To help people make such healthy changes to their diet with a little more ease, Raman and her team recently translated their evidence-based data into a digital mobile app. Named LyfeMD, the app helps patients through a system of information, tools and personalized health coaching; it’s tough to argue with its tagline: “You deserve to be the happiest, healthiest you.”

The Gut Connection Between Babies and Their Dad

For the past several years, scientists have explored ways to improve infant health by improving the microbiome of the expectant mother. In UCalgary’s Faculty of Kinesiology, Dr. Raylene Reimer, PhD, has done extensive research to study how diet during pregnancy, particularly prebiotics, influences offspring’s gut microbiota, glucose tolerance and, ultimately, obesity risk. Given that most babies get their first significant dose of microbes when they pass through the birth canal, it’s a critical area of exploration that, says Reimer, “researchers keep coming back to as we discover more about it.” Recently, however, she’s been compelled by a new angle: how does the father’s microbiome come into play?  

In a recent talk to the Canadian Nutrition Society, Reimer presented data from a Swedish epidemiological study that linked longevity and disease to nutrition in paternal ancestors. “There was excellent record-keeping in a northern region in Sweden in the 1800s in terms of harvest and grain yields, and the food supply that was available from year to year,” she said. It seems that the grandchildren of boys who had access to an excess food supply when they were between the ages of nine and 12 (i.e., over-nutrition during the slow-growth phase of their adolescence) had a significantly increased chance of diabetes-related death. On the other hand, grandkids of boys in that age group who had poor food availability inadvertently protected their future offspring from cardiovascular disease.  

Reimer and her team of graduate students are currently studying rats to learn more about the link between a father’s nutrition around the time of conception, and how the microbiota of seminal fluid is modifiable by diet.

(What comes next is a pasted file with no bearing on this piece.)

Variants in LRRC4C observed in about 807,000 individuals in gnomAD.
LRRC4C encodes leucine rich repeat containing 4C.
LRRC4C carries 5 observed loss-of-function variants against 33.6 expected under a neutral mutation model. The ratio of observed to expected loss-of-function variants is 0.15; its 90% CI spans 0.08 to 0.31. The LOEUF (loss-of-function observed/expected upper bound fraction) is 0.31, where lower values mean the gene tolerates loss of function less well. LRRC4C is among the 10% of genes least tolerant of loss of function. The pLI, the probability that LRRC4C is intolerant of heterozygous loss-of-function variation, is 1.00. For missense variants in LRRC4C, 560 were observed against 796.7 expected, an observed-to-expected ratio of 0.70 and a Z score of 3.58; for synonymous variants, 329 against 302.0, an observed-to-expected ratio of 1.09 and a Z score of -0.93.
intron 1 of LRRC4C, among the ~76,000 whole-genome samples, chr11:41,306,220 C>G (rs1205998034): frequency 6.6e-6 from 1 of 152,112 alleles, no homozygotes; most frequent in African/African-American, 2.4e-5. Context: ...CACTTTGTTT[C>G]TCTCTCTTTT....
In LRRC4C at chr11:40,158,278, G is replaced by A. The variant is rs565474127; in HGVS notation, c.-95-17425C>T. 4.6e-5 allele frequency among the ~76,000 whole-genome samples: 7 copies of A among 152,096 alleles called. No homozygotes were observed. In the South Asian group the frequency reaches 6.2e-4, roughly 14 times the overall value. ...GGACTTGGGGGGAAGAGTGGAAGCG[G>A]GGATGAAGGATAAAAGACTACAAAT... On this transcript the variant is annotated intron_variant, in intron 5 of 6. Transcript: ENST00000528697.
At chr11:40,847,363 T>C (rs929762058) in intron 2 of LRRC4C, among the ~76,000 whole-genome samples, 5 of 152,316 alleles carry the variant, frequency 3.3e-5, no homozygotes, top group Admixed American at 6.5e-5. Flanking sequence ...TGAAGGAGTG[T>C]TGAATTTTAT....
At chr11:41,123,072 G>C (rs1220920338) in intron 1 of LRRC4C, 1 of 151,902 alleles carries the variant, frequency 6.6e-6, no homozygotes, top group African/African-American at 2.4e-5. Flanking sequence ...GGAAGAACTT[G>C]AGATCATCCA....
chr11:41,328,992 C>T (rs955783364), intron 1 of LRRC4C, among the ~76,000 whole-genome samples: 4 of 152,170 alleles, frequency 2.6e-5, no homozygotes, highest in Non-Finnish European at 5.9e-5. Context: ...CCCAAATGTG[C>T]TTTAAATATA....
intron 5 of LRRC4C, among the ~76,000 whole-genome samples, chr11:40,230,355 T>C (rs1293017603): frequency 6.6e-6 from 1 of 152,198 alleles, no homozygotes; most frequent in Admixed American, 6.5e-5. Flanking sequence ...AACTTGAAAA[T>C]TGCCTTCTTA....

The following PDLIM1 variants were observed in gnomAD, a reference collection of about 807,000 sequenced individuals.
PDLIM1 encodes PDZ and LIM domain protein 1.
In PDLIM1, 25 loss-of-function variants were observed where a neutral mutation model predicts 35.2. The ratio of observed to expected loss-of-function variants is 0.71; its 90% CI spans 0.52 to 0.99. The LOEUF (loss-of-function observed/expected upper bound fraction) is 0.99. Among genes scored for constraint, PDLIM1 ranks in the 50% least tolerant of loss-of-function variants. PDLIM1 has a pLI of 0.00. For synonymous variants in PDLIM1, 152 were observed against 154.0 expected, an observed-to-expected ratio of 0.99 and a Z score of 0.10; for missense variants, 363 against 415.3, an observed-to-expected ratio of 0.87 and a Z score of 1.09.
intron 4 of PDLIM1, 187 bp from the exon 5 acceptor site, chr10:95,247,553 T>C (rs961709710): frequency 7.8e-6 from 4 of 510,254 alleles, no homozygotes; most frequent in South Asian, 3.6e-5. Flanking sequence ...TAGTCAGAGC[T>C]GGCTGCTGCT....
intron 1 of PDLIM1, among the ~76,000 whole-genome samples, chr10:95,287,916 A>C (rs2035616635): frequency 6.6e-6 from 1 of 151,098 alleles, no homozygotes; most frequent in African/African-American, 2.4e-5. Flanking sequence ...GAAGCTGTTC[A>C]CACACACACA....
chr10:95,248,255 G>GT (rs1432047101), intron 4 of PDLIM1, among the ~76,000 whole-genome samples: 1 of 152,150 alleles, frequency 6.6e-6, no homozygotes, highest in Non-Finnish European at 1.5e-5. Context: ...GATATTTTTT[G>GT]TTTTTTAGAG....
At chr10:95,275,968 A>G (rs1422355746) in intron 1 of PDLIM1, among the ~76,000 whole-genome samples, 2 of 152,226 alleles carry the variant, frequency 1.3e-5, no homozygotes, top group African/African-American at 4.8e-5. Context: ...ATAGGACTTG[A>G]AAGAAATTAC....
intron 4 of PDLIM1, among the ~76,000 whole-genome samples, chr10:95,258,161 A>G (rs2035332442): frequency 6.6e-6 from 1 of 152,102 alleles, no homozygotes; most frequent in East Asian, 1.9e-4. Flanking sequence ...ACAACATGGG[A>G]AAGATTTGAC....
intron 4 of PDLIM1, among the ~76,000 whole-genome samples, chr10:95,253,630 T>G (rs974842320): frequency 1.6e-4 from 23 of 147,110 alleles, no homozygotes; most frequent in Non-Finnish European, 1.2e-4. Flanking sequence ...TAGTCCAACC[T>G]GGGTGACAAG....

Exercise and Gut Health

Because we can always use at least one more reason to get out the bike/runners/racquet/leotard or whatever your workout-jam might be, a new study led by a PhD candidate in the Faculty of Kinesiology demonstrates that exercise is good for the gut (and, no, we don’t just mean in the quest for a six-pack). Student Kate Sales’ bi-directional research looks at both the impact of different types and intensities of exercise on the structure of the gut microbiota, as well as at the influence of a probiotic intervention on endurance exercise performance.  

Illustration by Derek Evernden

She and her team recently completed a six-week training project, for which participants engaged in a variety of low-to-high-intensity cycling exercise three times a week. “We looked for changes in the abundance of different bacteria in the gut, and a change in the concentration of certain metabolites produced by the ‘good’ bacteria in the gut,” says Sales, BKin’16, MKin’19.  

Her next, double-blind study will gather data from trained cyclists — half of them taking a probiotic to see if supplementation triggers changes in metabolism, VO2max, peak power output, etc. Sales’ data contributes to a growing body of research that illuminates the significance of a personalized approach to the microbiome.